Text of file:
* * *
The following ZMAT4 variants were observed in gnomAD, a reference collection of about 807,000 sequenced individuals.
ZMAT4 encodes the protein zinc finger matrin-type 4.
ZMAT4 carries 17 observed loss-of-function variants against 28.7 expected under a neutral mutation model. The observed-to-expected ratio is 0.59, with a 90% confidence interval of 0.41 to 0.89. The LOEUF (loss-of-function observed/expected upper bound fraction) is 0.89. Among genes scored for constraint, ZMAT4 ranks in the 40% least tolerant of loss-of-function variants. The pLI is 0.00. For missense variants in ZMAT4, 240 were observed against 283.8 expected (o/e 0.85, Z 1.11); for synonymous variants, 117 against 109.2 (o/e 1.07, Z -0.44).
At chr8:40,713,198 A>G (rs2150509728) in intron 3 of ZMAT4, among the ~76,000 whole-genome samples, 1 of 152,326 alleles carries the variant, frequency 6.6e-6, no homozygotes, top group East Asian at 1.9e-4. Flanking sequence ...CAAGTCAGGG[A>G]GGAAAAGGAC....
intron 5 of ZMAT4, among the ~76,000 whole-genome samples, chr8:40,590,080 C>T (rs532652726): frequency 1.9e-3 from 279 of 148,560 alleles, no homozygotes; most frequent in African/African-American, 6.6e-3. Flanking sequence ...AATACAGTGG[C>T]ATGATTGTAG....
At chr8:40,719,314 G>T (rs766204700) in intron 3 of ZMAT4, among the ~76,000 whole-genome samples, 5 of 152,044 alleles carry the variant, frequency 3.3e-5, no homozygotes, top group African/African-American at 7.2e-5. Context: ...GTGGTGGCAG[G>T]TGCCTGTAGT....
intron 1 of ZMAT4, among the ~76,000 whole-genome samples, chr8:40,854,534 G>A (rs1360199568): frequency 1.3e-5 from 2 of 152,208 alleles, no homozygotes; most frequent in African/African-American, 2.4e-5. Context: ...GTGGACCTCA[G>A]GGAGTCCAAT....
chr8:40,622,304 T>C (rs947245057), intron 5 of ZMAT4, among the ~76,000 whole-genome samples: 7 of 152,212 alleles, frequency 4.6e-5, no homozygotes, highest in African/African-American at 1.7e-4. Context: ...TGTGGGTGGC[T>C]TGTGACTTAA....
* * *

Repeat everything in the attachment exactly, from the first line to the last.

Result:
The following ZMAT4 variants were observed in gnomAD, a reference collection of about 807,000 sequenced individuals.
ZMAT4 encodes the protein zinc finger matrin-type 4.
ZMAT4 carries 17 observed loss-of-function variants against 28.7 expected under a neutral mutation model. The observed-to-expected ratio is 0.59, with a 90% confidence interval of 0.41 to 0.89. The LOEUF (loss-of-function observed/expected upper bound fraction) is 0.89. Among genes scored for constraint, ZMAT4 ranks in the 40% least tolerant of loss-of-function variants. The pLI is 0.00. For missense variants in ZMAT4, 240 were observed against 283.8 expected (o/e 0.85, Z 1.11); for synonymous variants, 117 against 109.2 (o/e 1.07, Z -0.44).
At chr8:40,713,198 A>G (rs2150509728) in intron 3 of ZMAT4, among the ~76,000 whole-genome samples, 1 of 152,326 alleles carries the variant, frequency 6.6e-6, no homozygotes, top group East Asian at 1.9e-4. Flanking sequence ...CAAGTCAGGG[A>G]GGAAAAGGAC....
intron 5 of ZMAT4, among the ~76,000 whole-genome samples, chr8:40,590,080 C>T (rs532652726): frequency 1.9e-3 from 279 of 148,560 alleles, no homozygotes; most frequent in African/African-American, 6.6e-3. Flanking sequence ...AATACAGTGG[C>T]ATGATTGTAG....
At chr8:40,719,314 G>T (rs766204700) in intron 3 of ZMAT4, among the ~76,000 whole-genome samples, 5 of 152,044 alleles carry the variant, frequency 3.3e-5, no homozygotes, top group African/African-American at 7.2e-5. Context: ...GTGGTGGCAG[G>T]TGCCTGTAGT....
intron 1 of ZMAT4, among the ~76,000 whole-genome samples, chr8:40,854,534 G>A (rs1360199568): frequency 1.3e-5 from 2 of 152,208 alleles, no homozygotes; most frequent in African/African-American, 2.4e-5. Context: ...GTGGACCTCA[G>A]GGAGTCCAAT....
chr8:40,622,304 T>C (rs947245057), intron 5 of ZMAT4, among the ~76,000 whole-genome samples: 7 of 152,212 alleles, frequency 4.6e-5, no homozygotes, highest in African/African-American at 1.7e-4. Context: ...TGTGGGTGGC[T>C]TGTGACTTAA....